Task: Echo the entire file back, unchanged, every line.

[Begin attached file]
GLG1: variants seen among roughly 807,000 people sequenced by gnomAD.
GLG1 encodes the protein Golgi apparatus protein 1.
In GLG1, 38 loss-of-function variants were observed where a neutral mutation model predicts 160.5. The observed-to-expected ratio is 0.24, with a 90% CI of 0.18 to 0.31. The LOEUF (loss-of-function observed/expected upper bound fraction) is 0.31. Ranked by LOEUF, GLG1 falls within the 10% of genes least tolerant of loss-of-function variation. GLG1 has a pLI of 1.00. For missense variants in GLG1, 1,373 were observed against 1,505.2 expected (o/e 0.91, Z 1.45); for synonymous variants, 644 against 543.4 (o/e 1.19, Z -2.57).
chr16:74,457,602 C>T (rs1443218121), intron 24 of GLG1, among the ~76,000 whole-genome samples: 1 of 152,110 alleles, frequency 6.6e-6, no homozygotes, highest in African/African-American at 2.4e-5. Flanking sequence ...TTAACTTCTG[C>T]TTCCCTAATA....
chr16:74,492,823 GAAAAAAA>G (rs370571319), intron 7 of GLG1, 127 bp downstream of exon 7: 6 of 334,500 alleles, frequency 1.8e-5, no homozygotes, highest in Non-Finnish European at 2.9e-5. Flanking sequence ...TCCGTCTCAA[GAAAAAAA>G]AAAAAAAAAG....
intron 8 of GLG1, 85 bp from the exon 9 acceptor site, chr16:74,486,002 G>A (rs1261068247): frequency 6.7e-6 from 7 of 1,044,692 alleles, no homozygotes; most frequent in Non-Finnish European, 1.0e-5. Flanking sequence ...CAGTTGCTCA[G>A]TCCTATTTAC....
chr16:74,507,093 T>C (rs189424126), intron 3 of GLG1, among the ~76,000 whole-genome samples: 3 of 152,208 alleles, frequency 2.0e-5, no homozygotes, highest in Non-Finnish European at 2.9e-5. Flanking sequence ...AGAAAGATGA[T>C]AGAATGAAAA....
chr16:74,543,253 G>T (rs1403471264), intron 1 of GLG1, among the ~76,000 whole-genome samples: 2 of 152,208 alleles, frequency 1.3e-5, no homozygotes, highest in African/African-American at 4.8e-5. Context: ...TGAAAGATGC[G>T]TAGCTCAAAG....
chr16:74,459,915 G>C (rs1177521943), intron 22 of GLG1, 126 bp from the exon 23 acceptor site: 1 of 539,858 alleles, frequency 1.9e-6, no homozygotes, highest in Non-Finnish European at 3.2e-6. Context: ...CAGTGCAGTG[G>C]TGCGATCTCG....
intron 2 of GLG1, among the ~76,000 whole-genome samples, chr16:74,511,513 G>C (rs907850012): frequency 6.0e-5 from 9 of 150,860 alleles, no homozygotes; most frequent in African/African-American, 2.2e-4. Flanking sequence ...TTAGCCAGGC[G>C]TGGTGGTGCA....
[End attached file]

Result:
GLG1: variants seen among roughly 807,000 people sequenced by gnomAD.
GLG1 encodes the protein Golgi apparatus protein 1.
In GLG1, 38 loss-of-function variants were observed where a neutral mutation model predicts 160.5. The observed-to-expected ratio is 0.24, with a 90% CI of 0.18 to 0.31. The LOEUF (loss-of-function observed/expected upper bound fraction) is 0.31. Ranked by LOEUF, GLG1 falls within the 10% of genes least tolerant of loss-of-function variation. GLG1 has a pLI of 1.00. For missense variants in GLG1, 1,373 were observed against 1,505.2 expected (o/e 0.91, Z 1.45); for synonymous variants, 644 against 543.4 (o/e 1.19, Z -2.57).
chr16:74,457,602 C>T (rs1443218121), intron 24 of GLG1, among the ~76,000 whole-genome samples: 1 of 152,110 alleles, frequency 6.6e-6, no homozygotes, highest in African/African-American at 2.4e-5. Flanking sequence ...TTAACTTCTG[C>T]TTCCCTAATA....
chr16:74,492,823 GAAAAAAA>G (rs370571319), intron 7 of GLG1, 127 bp downstream of exon 7: 6 of 334,500 alleles, frequency 1.8e-5, no homozygotes, highest in Non-Finnish European at 2.9e-5. Flanking sequence ...TCCGTCTCAA[GAAAAAAA>G]AAAAAAAAAG....
intron 8 of GLG1, 85 bp from the exon 9 acceptor site, chr16:74,486,002 G>A (rs1261068247): frequency 6.7e-6 from 7 of 1,044,692 alleles, no homozygotes; most frequent in Non-Finnish European, 1.0e-5. Flanking sequence ...CAGTTGCTCA[G>A]TCCTATTTAC....
chr16:74,507,093 T>C (rs189424126), intron 3 of GLG1, among the ~76,000 whole-genome samples: 3 of 152,208 alleles, frequency 2.0e-5, no homozygotes, highest in Non-Finnish European at 2.9e-5. Flanking sequence ...AGAAAGATGA[T>C]AGAATGAAAA....
chr16:74,543,253 G>T (rs1403471264), intron 1 of GLG1, among the ~76,000 whole-genome samples: 2 of 152,208 alleles, frequency 1.3e-5, no homozygotes, highest in African/African-American at 4.8e-5. Context: ...TGAAAGATGC[G>T]TAGCTCAAAG....
chr16:74,459,915 G>C (rs1177521943), intron 22 of GLG1, 126 bp from the exon 23 acceptor site: 1 of 539,858 alleles, frequency 1.9e-6, no homozygotes, highest in Non-Finnish European at 3.2e-6. Context: ...CAGTGCAGTG[G>C]TGCGATCTCG....
intron 2 of GLG1, among the ~76,000 whole-genome samples, chr16:74,511,513 G>C (rs907850012): frequency 6.0e-5 from 9 of 150,860 alleles, no homozygotes; most frequent in African/African-American, 2.2e-4. Flanking sequence ...TTAGCCAGGC[G>C]TGGTGGTGCA....